Rom 3.29 “Is he not the God of gentiles also? Yes, of gentiles also.”
Eph 3.6 “the gentiles have become fellow heirs, members of the same body, and sharers in the promise in Christ Jesus through the gospel.”
Here are two passages that clearly argue for the delay required to let more gentiles in.
Rom 11.25-26 (part) “I want you to understand this mystery: a hardening has come upon part of Israel, until the full number of the Gentiles has come in. And so all Israel will be saved; as it is written.” This is echoed in the second explanation of the delay, where 2 Pet 3.9 says “The Lord . . . is patient with you, not wanting any to perish, but all to come to repentance.”
Mark 13 tells of the future persecution of the Jews and the destruction of the Temple. After that suffering, “Then they will see ‘the Son of Man coming in clouds’ with great power and glory.” (Mark 13.26) The phrase in single quotes is from Daniel 7.13-14, “I saw one like a human being [Aramaic Son of Man] coming with the clouds of heaven. . . . To him was given dominion and glory and kingship.”
2 Peter 3.3-4: “First of all you must understand this, that in the last days scoffers will come, scoffing and indulging their own lusts and saying, ‘Where is the promise of his coming? For ever since our ancestors died, all things continue as they were from the beinning of creation!’ ” Peter then goes on (in 2 Peter 3:8-9) to explain the delay by saying “But do not ignore this one fact, beloved, that with the Lord one day is like a thousand years, and a thousand years are like one day. The Lord is not slow about his promise, as some think of slowness, but is patient with you, not wanting any to perish, but all to come to repentance.” This is based on Psalm 90.4, a prayer of Moses, which reads “For a thousand years in your [God’s] sight are like yesterday when it is past, or like a watch in the night.”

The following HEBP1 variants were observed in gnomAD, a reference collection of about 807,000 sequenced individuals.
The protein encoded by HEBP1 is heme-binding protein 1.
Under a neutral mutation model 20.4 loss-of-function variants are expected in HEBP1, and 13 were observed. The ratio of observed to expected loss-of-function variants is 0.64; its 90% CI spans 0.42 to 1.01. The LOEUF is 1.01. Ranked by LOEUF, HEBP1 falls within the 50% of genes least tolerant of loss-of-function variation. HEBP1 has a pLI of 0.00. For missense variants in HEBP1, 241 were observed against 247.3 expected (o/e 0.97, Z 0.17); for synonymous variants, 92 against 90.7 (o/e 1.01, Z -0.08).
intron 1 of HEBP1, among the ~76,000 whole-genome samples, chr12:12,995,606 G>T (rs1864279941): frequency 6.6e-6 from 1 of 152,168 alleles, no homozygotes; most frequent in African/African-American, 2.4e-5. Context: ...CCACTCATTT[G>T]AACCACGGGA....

There would really be no limit on how long God might have to wait for literally all to come to repentance. This explanation, written circa 90 CE, is nothing more than an excuse for Christ not coming as expected.
The next three ideas come from Revelation, and are listed in the Zondervan Systematic Theology Guide [STG]. They all refer to an end-of-times millenium, which is a nominal thousand years.
Amillennialism. There is no future millennium yet to come because the reign of Christ in Rev 20:1-10 is now being fulfilled – a variation of ideas discussed in Section 2.
Postmillenialism. Christ will return after the millennium, in which the influence of the church gradually increased until it brought about an age of peace and righteousness on earth.
Premillennialism. Christ will come back before the millennium.
These three options are offered because theologians cannot agree on the interpretation of the Rev 20.1-10 passage. But all ignore the NT predictions of a second coming happening soon, as listed in Section 1 above.
After two thousand years we have waited long enough. There is no convincing argument that a second coming of Christ is likely to happen. Some Christian denominations have accepted that it won’t happen, or have at least downplayed the event.